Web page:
Monday 28th October 2019, at the Mathematical Institute: An afternoon of talks by Edriss Titi, Anne-Laure Dalibard, Manuel del Pino and Tim Palmer on the occasion of the retirement of Gregory Seregin.  

Meeting poster:  File


Lecture room 6

2.00pm Opening remarks

2.05pm Edriss Titi, University of Cambridge

2.50pm Anne-Laure Dalibard, Sorbonne Universite

North atrium

3.35pm: Tea/Coffee

Lecture room 4

4.00pm Manuel del Pino, University of Bath

4.45pm Tim Palmer, University of Oxford

Titles and abstracts

Edriss Titi, University of Cambridge: Mathematical Analysis of Atmospheric Models with Moisture

In this talk I will present some recent results concerning global regularity of certain geophysical models. This will include the three-dimensional primitive equations with various anisotropic viscosity and turbulence mixing diffusion, and certain tropical atmospheric models with moisture. In particular, we will also show the global regularity of the coupled three-dimensional primitive equations with phase change moisture model.  Moreover, in the non-viscous (inviscid) case it can be shown that there is a one-parameter family of initial data for which the corresponding smooth solutions of the primitive equations develop finite-time singularities (blowup).

Capitalizing on the above results, we can provide rigorous justification of the derivation of the Primitive Equations of planetary scale oceanic dynamics from the three-dimensional Navier-Stokes equations, for vanishing small values of the aspect ratio of the depth to horizontal width. Specifically, we can  show that the Navier-Stokes equations, after being scaled appropriately by the small aspect ratio parameter of the physical domain, converge strongly to the primitive equations, globally and uniformly in time, and that the convergence rate is of the same order as the aspect ratio parameter.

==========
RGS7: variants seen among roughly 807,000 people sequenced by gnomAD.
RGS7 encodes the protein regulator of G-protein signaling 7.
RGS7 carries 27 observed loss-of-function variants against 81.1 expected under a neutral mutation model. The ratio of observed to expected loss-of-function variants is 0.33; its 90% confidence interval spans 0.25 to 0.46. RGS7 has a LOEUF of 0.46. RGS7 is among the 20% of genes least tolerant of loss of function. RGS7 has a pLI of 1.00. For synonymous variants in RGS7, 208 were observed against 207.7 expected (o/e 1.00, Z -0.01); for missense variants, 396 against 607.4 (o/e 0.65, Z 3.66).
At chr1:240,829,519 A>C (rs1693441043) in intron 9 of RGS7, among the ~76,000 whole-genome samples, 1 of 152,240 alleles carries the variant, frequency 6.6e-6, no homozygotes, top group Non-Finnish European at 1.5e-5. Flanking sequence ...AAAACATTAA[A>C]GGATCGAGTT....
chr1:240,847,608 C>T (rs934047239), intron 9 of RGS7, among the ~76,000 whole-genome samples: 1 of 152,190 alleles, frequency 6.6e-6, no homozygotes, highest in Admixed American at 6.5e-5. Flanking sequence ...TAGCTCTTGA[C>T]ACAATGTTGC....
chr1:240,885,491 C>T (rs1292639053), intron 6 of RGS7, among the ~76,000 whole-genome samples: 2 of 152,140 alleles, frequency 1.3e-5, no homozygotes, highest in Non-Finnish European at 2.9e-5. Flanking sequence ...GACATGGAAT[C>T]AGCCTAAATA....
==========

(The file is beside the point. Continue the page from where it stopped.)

Furthermore, we will also consider the singular limit behavior of a tropical atmospheric model with moisture, as $\varepsilon \to 0$, where $\varepsilon >0$ is a moisture phase transition small convective adjustment relaxation time parameter.

Anne-Laure Dalibard, Sorbonne Universite To follow.

Manuel del Pino, University of Bath: Gluing methods for Vortex dynamics in Euler flows 

We consider the two-dimensional Euler flow for an incompressible fluid confined to a smooth domain. We construct smooth solutions with concentrated vorticities around points which evolve according to the Hamiltonian system for the Kirkhoff-Routh energy. The profile around each point resembles a scaled finite mass solution of Liouville's equation. We discuss extensions of this analysis to the case of vortex filaments in 3-dimensional space, along the lines of Da Rios 1904  vortex filament conjecture in connection with the binormal flow of curves. 


Tim Palmer, University of Oxford: The Real Butterfly Effect

In this talk I will discuss a paper (*) which I co-authored with Gregory discussing the status of what we call the “real" butterfly effect: the finite-time loss of predictability of the initial value problem based on the Navier-Stokes equations. 

(*) Palmer, T.N., A. Döring and G. Seregin. (2014). The Real Butterfly Effect. Nonlinearity. R123-R141. 

Please contact us with feedback and comments about this page. Last updated on 02 Apr 2024 11:32.